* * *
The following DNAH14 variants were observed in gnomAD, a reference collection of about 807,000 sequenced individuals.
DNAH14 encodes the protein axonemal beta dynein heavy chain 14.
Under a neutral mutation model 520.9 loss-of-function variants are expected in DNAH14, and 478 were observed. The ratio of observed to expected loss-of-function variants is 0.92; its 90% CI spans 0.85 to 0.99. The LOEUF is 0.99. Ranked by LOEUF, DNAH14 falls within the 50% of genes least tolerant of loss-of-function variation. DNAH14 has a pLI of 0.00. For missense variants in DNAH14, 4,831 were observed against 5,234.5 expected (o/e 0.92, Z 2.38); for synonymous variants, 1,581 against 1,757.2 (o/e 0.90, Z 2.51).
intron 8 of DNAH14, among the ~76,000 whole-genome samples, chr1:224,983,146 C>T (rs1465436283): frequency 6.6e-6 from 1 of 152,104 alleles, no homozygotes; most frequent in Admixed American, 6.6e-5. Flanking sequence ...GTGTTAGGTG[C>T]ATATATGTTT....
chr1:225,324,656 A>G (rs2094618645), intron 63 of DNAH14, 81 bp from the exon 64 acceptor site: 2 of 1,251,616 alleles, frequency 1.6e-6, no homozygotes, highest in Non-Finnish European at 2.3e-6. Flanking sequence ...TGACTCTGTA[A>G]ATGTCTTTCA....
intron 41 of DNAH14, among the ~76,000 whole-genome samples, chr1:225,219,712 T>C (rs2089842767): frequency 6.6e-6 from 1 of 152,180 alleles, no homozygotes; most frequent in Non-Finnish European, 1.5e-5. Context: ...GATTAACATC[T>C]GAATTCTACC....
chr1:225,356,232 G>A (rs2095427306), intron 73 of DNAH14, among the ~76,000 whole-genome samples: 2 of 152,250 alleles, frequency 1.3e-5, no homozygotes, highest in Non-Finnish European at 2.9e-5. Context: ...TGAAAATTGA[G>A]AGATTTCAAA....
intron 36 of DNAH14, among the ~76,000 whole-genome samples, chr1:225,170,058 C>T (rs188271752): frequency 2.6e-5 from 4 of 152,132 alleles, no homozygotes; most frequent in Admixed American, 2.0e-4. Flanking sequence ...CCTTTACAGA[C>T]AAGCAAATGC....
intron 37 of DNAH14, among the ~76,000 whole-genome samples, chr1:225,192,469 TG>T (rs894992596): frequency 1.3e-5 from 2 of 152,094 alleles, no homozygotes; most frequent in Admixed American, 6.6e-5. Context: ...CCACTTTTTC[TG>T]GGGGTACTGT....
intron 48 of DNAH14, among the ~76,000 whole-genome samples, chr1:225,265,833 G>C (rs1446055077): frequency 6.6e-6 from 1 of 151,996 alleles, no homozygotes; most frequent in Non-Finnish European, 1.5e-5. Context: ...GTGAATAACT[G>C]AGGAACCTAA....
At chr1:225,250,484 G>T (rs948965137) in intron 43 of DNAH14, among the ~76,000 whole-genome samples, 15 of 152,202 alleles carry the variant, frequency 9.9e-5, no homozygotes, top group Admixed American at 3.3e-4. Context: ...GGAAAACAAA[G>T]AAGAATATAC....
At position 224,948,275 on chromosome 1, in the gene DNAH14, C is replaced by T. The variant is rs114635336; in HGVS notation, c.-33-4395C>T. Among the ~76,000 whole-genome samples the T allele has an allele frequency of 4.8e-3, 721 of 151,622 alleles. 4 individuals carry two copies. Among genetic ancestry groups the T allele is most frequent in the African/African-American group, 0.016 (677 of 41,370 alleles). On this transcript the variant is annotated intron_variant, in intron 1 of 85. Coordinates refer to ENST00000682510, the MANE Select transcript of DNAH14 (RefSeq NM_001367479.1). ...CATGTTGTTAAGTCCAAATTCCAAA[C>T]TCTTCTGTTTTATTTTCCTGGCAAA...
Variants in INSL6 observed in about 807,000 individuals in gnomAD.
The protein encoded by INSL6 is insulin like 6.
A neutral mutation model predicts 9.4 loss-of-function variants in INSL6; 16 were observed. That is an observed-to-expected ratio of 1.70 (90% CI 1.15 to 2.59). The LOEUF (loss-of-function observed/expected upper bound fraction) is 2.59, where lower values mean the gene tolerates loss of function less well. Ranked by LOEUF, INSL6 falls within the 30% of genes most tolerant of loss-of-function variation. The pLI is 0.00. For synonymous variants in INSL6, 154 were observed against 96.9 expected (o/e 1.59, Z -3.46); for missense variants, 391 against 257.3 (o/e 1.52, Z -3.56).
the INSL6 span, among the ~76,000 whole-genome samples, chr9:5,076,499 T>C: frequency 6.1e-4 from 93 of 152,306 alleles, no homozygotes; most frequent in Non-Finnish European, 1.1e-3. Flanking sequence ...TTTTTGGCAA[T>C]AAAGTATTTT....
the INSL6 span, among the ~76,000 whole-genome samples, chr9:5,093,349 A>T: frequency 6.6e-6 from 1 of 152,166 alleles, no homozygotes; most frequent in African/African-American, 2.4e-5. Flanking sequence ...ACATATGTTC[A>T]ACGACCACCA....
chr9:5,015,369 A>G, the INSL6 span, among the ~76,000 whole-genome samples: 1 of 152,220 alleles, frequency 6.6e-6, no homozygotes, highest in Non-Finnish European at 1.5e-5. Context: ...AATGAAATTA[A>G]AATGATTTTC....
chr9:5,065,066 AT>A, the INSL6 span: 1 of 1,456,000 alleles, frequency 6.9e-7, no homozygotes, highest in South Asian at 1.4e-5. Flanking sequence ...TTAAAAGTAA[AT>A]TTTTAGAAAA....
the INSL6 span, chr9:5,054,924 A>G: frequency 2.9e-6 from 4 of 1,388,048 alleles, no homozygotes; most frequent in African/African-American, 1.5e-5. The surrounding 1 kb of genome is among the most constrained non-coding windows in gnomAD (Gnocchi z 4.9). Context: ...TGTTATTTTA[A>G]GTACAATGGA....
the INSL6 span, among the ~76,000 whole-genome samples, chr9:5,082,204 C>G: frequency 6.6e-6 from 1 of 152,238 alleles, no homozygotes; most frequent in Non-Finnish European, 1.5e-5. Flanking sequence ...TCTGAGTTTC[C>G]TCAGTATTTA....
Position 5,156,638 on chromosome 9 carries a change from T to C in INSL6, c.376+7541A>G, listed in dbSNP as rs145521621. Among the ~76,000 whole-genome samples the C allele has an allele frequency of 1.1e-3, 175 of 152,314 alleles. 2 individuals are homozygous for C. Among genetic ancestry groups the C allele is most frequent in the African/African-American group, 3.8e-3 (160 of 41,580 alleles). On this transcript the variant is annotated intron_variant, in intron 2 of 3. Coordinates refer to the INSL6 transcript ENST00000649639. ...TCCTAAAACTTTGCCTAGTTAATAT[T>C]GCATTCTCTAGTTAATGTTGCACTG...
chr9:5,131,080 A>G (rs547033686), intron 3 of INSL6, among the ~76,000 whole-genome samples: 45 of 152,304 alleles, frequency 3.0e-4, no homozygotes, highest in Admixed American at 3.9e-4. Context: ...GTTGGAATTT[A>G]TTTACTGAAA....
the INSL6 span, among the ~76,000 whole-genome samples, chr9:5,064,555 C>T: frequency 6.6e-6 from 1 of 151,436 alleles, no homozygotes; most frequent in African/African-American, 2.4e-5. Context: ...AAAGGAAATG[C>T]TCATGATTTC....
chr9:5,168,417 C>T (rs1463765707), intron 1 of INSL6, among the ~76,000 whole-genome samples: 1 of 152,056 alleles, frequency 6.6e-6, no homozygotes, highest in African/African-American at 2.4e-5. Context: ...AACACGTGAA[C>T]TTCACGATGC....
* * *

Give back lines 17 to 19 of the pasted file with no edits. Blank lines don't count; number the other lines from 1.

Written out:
the INSL6 span, among the ~76,000 whole-genome samples, chr9:5,093,349 A>T: frequency 6.6e-6 from 1 of 152,166 alleles, no homozygotes; most frequent in African/African-American, 2.4e-5. Flanking sequence ...ACATATGTTC[A>T]ACGACCACCA....
chr9:5,015,369 A>G, the INSL6 span, among the ~76,000 whole-genome samples: 1 of 152,220 alleles, frequency 6.6e-6, no homozygotes, highest in Non-Finnish European at 1.5e-5. Context: ...AATGAAATTA[A>G]AATGATTTTC....
chr9:5,065,066 AT>A, the INSL6 span: 1 of 1,456,000 alleles, frequency 6.9e-7, no homozygotes, highest in South Asian at 1.4e-5. Flanking sequence ...TTAAAAGTAA[AT>A]TTTTAGAAAA....